News in Brief
Photo by Ralph Stewart
Oak Bluffs library open for business
The newly completed Oak Bluffs library on the corner of Penacook Avenue and School Street opened its doors to the public over the weekend.
Town officials said that a grand opening ceremony is being planned for a future date.
The new 18,000-square-foot, $3.8 million facility includes separate areas for audio-visual materials, meeting rooms, a historical room, and a children's library. New features also include free high-speed wireless Internet access for anyone with a PC or Mac notebook. Users can access the Internet from virtually anywhere in the library or even just outside the building.
The long-awaited new library replaces the cramped facility in a former grocery store on Penacook Avenue. That 2,407-square-foot building had no room for expansion and limited handicapped access.
The new library hours are from 10 am to 8 pm on Tuesday and Thursday, and from 10 am to 5 pm Wednesday, Friday, and Saturday.
For more information on the new library, visit the Oak Bluffs town web site at www.ci.oak-bluffs.ma.us, and click on "Public Library" in the toolbar on the left side of the page.
Doug Reid and Beth Kramer. File photo by Ralph Stewart
Popular Biga Bakery changes hands
Almost 10 years ago, Beth Kramer and her husband Doug Reid opened Biga Bakery selling fresh-baked bread, pastries, soups and sandwiches out of a small shop at the end of the building that houses the West Tisbury post office near Up-Island Cronig's. The bakery quickly became a popular lunch and coffee stop with Vineyard regulars.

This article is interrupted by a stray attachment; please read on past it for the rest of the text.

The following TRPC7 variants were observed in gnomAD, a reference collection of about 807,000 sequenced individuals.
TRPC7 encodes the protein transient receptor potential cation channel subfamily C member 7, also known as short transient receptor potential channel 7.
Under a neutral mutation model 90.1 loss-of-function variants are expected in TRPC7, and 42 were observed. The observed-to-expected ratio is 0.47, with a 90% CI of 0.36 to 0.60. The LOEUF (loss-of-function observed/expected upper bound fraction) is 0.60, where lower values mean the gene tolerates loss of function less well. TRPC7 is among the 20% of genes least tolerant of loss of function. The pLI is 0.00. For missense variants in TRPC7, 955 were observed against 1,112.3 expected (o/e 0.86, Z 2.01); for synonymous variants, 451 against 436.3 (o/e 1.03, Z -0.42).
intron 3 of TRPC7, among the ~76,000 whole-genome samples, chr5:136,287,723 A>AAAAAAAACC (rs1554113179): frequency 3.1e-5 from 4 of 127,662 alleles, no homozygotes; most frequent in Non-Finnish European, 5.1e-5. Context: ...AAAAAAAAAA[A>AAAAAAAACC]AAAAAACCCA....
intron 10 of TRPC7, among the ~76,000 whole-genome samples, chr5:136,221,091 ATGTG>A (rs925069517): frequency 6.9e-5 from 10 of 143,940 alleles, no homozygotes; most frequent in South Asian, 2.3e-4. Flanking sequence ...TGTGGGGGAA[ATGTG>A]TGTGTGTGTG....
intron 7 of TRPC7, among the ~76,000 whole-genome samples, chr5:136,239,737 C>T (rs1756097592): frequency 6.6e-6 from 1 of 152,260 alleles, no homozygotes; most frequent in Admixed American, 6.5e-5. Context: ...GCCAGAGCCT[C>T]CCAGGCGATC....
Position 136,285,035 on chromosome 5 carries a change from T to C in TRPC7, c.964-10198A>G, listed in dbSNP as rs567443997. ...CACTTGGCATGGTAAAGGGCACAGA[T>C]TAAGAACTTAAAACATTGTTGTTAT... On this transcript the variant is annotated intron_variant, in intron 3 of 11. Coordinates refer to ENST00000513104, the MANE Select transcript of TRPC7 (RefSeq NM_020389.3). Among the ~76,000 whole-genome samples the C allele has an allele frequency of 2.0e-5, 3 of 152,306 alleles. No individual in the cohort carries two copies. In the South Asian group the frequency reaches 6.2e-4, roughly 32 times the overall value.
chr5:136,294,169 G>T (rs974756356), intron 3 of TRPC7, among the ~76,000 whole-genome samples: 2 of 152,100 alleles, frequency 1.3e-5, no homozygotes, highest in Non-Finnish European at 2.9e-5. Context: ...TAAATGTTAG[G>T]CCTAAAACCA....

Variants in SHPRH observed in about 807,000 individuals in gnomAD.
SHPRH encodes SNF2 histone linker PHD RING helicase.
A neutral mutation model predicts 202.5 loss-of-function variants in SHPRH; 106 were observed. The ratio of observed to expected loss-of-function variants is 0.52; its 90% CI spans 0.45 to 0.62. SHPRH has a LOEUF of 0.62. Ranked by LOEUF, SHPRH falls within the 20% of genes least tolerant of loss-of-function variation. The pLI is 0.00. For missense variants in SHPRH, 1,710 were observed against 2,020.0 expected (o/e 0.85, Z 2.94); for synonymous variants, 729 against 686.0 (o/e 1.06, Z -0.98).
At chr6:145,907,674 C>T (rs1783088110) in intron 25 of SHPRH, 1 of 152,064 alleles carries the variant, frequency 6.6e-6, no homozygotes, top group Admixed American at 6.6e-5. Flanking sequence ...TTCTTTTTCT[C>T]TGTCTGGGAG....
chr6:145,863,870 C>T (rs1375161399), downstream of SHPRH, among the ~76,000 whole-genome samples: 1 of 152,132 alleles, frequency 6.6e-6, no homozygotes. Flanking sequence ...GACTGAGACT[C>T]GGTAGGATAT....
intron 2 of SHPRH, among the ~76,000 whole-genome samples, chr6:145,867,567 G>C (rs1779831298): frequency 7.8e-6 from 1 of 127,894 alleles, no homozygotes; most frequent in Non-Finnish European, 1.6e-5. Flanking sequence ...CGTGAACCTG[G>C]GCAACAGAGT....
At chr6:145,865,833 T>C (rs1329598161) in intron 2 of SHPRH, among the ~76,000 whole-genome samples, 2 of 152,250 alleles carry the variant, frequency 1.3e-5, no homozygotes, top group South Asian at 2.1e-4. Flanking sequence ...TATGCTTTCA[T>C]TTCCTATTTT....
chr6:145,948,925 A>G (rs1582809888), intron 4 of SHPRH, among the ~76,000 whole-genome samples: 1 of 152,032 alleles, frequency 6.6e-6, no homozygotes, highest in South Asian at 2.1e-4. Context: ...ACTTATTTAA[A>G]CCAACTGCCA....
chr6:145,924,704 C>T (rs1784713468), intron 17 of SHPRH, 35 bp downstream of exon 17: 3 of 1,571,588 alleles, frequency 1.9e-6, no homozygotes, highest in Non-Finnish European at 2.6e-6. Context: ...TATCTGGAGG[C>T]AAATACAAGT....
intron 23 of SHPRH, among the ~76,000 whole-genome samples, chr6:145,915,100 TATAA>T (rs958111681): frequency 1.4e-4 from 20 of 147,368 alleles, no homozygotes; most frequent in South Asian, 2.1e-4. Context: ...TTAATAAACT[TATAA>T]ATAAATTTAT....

On Nov. 15, Ms. Kramer and Mr. Reid will sell the business to Fella and Jane Cecilio, well-known caterers and something of an Island institution in their own right.
Speaking from behind the counter Tuesday, Mr. Reid said he and his wife plan to close the doors sometime next week, possibly on Thursday. He said the most rewarding part of the past 9 years has been the interaction with the people who have come through the doors. "This community has been fabulous to Beth and myself," he said.
Mr. Reid said he and his wife wish Fella well and will be forever grateful to the community.
Sometime around Thanksgiving, Fella's will open where Biga's once was. Jane Cecilio said Fella's will be open for breakfast and lunch. Although the menu will change, and include Fella specialties like chili and chowder, Biga regulars will still be able to get the popular breakfast sandwich. "We saw no reason to discontinue something people like so much," she said.
Asked what prompted the couple, who operate Fella Caterers, to take over Biga, Ms. Cecilio said it seemed like a natural transition.
MVRHS Field hockey team loses heartbreaker
Kayla Correiro's goal with 2:26 remaining lifted 18th- ranked Bishop Stang to a 3-2 victory over the Vineyard in the opening round of the MIAA Division 2 State Tournament.
Kathryn Debettencourt and Phebe Bates scored for the Vineyarders.
The loss was the final game for Vineyard Head Coach Lisa Knight, after 18 seasons. Coach Knight guided her teams to several playoff appearances, including the 2000 State Final. She was honored for her distinguished service in women's sports at Faneuil Hall in February.
West Tisbury man charged with trafficking cocaine
A West Tisbury man faces several drug-related charges, including trafficking cocaine, after he was arrested in the area around Hart Haven in Oak Bluffs, where police said he had been smoking crack cocaine.
Gregory Leland, 29, was arrested and charged with trafficking cocaine, possession of a class B substance, possession of a class D substance, and having an open container of alcohol in a motor vehicle.
According to Oak Bluffs police, officers on routine patrol in the area around Hart Haven noticed Mr. Leland's vehicle off of a remote dirt road. As the officers approached the vehicle they saw that Mr. Leland had an open container of beer in the car. The officers approached the car and began questioning Mr. Leland.